Monday’s Mtg: What Does Science Tell Us About Good and Evil?

The field of study is called “moral psychology.” It’s the study of why we have a moral sense and why we depart from our moral values sometimes and not at other times. Mike suggested we discuss a topic related to – but not equivalent to, necessarily, at least in my opinion – the basic questions moral psychologists try to answer: What does science tell us about “good” and “evil?”

I think they’re not the same because I’m assuming (I’m not sure, not my field) that moral psychology is like all science: It sets aside the idea of whether there is a supernatural force that shapes the natural world. If God or the devil is the source of our acts of good and evil, science cannot know that by definition, right? That is a matter for philosophy or religion, isn’t it?

Still, I like this topic precisely because it begs the question of whether good and evil, in both its individual and societal-level manifestations, can be understood by any one way of thinking about the world. I’m a little dubious that psychology or neurology or any –ology that we have now can fully explain human morality and behavior.

But, Mike had me read this very interesting book on the subject (Just Babies: The Origins of Good and Evil, by Paul Bloom.) Armed with at least a little knowledge now, I’m looking forward to our discussion and to Mike’s brief opening remarks.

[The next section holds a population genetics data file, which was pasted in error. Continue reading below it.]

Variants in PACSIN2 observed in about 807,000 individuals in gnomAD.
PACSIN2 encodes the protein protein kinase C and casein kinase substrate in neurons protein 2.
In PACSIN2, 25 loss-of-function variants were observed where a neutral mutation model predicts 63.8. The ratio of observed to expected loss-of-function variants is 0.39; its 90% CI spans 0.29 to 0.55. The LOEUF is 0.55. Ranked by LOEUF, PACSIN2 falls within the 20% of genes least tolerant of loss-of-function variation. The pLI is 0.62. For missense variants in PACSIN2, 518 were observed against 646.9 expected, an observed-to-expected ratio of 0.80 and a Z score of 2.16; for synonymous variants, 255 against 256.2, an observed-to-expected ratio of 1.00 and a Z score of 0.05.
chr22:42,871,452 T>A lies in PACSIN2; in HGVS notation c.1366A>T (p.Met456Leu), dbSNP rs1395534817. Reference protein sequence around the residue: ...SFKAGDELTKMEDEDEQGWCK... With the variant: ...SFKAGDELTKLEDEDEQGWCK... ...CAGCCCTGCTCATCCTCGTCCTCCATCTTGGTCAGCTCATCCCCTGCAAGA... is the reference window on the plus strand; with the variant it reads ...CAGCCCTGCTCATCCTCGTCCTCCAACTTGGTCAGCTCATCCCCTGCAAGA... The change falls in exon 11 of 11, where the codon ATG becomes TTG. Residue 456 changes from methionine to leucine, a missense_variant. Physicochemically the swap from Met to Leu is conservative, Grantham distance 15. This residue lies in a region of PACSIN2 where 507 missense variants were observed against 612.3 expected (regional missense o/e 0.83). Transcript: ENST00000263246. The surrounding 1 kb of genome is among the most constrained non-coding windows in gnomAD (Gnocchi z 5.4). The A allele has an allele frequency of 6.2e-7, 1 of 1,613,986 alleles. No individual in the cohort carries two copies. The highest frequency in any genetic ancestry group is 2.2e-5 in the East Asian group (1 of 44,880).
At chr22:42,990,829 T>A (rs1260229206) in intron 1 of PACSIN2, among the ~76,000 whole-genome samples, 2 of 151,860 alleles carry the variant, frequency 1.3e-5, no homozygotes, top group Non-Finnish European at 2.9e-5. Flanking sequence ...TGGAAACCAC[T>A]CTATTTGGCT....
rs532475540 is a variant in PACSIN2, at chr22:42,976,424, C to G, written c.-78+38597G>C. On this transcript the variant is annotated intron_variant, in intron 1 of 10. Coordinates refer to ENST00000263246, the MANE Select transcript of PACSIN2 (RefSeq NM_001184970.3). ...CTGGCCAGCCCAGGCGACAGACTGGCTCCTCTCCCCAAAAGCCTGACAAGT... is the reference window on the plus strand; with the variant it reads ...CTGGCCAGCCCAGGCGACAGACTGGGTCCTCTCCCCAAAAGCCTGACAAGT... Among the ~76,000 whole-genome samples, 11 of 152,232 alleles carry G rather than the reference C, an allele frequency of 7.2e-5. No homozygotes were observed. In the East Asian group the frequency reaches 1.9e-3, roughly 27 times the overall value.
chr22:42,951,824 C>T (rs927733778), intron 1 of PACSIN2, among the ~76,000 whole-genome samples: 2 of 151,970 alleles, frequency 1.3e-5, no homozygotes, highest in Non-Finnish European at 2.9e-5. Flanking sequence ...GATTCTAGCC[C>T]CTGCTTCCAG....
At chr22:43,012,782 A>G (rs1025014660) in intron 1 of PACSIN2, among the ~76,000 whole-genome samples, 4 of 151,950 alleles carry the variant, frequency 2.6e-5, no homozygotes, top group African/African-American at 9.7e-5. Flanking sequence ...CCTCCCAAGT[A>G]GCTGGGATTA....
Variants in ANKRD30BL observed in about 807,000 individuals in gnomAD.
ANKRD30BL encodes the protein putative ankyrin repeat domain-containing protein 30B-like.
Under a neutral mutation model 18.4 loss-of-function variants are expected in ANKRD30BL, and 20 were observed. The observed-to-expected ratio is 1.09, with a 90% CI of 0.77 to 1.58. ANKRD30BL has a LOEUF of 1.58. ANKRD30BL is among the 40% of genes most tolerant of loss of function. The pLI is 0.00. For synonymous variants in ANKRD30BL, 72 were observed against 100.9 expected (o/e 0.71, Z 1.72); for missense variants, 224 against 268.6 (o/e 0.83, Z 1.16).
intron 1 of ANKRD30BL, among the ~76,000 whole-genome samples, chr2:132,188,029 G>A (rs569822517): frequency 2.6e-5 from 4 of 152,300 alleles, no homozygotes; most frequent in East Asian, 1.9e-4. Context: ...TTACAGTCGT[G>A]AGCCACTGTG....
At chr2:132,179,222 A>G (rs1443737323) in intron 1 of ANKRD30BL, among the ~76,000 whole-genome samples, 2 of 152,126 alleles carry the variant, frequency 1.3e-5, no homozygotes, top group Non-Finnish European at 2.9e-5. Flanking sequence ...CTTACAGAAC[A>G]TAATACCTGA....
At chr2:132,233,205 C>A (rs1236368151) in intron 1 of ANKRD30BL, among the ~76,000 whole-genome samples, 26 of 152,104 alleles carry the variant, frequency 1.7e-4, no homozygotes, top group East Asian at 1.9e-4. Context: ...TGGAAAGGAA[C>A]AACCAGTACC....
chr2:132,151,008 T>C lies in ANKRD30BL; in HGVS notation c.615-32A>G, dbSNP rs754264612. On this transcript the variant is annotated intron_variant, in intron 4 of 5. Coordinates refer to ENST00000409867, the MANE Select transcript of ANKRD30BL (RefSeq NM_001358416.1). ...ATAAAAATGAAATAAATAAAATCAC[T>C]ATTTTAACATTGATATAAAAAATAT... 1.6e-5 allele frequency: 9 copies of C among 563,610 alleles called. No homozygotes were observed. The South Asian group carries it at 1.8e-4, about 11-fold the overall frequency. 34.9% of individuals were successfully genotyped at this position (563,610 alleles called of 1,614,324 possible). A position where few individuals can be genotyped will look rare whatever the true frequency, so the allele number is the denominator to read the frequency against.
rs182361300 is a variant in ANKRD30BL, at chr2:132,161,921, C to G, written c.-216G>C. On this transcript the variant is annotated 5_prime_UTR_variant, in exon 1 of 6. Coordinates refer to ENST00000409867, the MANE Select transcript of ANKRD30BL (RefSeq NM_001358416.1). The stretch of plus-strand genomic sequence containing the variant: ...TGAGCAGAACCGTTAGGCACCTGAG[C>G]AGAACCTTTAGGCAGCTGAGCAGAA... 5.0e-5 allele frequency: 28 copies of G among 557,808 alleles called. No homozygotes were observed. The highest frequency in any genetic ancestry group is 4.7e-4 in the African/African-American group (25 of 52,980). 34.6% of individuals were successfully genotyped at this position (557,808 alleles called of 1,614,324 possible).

A note on links this week. I found a bunch of stuff on the science of morality and linked to what seemed like good ones below. But, since I am an ignoramus on this subject, I cannot vouch for how mainstream or accepted the points-of-view are, or whether I am excluding any major points of view or key findings in the field.

SUGGESTED BACKGROUND READING –

Next Week: Is Pornography Changing Our Perceptions of Sexuality?

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One response

  1. I read that book on the moral life of babies.
    Very interesting, I have to say though that our concept of the moral life goes way beyond the moral conceptions of babies. Science certainly can add a perspective, but cannot, in my view, determine what our moral precepts should be.
    For that we need concepts such as the categorical imperative, etc.!
    I think I can attend on Monday, so I hope to be able to add more to this.

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